Putting Hot Food in the Fridge: What You Need to Know
Refrigerators are one of humanity’s most valuable inventions since they have essentially revolutionized the way people eat and cook their food. Still, despite its straightforward utility, many people have standard questions about it: are mini-fridges expensive to run, how much do they cost, and is it a good idea to put hot food in the fridge?
These appliances do an excellent job of preserving food at cold temperatures, prolonging ingredients’ lifespan. However, you may be wondering what happens to food when they’re piping hot yet immediately shoved into a refrigerator. Here’s what you need to know:
The Importance of Temperature and Time
The discussion surrounding food safety and storage hinges itself mainly on the conditions that allow bacteria to grow. They’re primarily inactive in temperatures below 40 degrees Fahrenheit, but at the same time, they can barely withstand the heat of 140 degrees Fahrenheit and beyond. However, the temperature between these two extremes is where they will thrive and continue reproducing. The best way to prevent bacteria from growing on your food is to minimize its time in this range. For instance, the U.S. Department of Agriculture recommends refrigerating your food within two hours of sitting at the danger zone and within an hour if your room temperature sits at 90 degrees Fahrenheit or higher.
Many people argue against putting fresh, hot food in the refrigerator for many reasons. For instance, the hot items warm the interior of your fridge, causing it to work harder to maintain lower temperatures. Additionally, you’ll risk warming the other food around it. For example, if you prepared a large batch of broth to use at a later time and put it in the fridge right away in one giant container, you’ll be overworking your fridge while heating the neighboring items. Instead, allow hot food to cool down at room temperature before storing them in the refrigerator.
Dividing the Food
If you have large amounts of hot food that you’ll need to put in the fridge at some point, consider dividing them into multiple containers, such as flat, shallow ones. Doing this will cause the food to cool down faster as you increase the surface area while decreasing the quantity. You can also cool a large pot of hot food by putting it in a sink of ice or cold water and stirring it regularly, causing the heat to dissipate. Additionally, you can put freezer gel packs in resealable bags and put them in the pot, cooling your food faster while helping them reach a food-safe temperature.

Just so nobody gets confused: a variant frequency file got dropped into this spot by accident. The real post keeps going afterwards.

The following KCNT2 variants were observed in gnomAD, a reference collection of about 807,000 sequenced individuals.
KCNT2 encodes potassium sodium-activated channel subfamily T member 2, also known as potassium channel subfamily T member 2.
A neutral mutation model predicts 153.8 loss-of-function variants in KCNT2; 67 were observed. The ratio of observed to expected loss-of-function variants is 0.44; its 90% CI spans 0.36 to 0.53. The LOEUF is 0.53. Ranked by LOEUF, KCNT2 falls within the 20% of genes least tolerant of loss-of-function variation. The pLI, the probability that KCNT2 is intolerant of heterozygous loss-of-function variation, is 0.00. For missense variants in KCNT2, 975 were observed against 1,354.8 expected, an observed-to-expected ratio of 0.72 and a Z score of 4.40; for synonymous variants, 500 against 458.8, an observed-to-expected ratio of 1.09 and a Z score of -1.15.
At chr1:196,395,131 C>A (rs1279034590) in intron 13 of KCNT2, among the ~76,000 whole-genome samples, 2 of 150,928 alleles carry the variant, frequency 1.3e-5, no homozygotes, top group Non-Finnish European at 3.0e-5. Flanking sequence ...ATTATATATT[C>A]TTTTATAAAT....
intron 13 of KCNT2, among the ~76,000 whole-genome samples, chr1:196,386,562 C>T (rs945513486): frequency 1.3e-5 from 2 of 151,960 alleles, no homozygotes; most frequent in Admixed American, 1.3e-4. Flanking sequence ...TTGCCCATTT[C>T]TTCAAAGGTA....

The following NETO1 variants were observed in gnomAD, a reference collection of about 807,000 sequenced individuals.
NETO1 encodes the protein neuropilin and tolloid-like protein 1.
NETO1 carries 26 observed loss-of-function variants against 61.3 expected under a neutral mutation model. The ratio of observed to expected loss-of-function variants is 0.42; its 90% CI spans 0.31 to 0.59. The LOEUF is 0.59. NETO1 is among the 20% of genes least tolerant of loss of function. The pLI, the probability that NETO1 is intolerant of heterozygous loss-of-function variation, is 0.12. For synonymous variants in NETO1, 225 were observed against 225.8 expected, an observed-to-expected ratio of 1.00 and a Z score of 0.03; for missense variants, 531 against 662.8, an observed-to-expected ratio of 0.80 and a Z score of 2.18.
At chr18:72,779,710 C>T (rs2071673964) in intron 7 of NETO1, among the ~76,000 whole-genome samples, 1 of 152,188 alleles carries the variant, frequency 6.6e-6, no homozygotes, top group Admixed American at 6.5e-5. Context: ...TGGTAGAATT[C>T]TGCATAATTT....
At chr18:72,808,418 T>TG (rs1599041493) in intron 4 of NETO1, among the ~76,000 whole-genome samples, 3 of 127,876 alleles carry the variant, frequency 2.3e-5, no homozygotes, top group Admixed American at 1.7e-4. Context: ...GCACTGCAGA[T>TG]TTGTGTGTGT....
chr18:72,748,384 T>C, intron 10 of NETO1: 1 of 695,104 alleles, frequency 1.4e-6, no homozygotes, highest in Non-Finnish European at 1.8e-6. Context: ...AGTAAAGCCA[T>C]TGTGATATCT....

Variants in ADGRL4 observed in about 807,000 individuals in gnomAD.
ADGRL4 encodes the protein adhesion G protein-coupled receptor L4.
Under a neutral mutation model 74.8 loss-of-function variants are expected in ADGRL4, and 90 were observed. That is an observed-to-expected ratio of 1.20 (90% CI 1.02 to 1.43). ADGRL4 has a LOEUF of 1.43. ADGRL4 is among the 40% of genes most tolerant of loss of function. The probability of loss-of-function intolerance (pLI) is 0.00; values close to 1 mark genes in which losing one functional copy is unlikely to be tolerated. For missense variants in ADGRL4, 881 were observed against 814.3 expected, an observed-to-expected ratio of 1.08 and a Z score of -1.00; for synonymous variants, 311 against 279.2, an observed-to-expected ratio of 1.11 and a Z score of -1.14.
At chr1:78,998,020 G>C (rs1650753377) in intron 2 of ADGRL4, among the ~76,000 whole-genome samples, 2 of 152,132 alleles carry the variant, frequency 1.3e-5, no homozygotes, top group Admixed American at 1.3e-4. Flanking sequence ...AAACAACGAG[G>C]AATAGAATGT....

Organizing Your Fridge
The cool environment inside a refrigerator is relatively delicate. Simply opening it to browse the contents will warm the door and the shelves, so it’s crucial to put your hot foods in the back corners, which is consistently the coldest. Avoid stacking containers with hot food in them, as you’re multiplying their thermal mass, delaying cooling further. Additionally, leave enough space between your hot foods to allow the air to circulate properly.
It’s never a good idea to put scalding food straight into the fridge, as doing so will cause your appliance to work harder while affecting the other food inside it. By following our guide, you’ll make the most out of your fridge while ensuring the food you cook and store will be safe to eat.
If you have more questions about refrigerators, Pixel Fridge has them all. Whether you’re wondering about a mini-fridge’s electricity cost or which one to choose, you’ll find a vast array of tips, reviews, analyses, and recommendations of these handy appliances on our website. Sign up for our newsletter today to get our latest tips and reviews right away!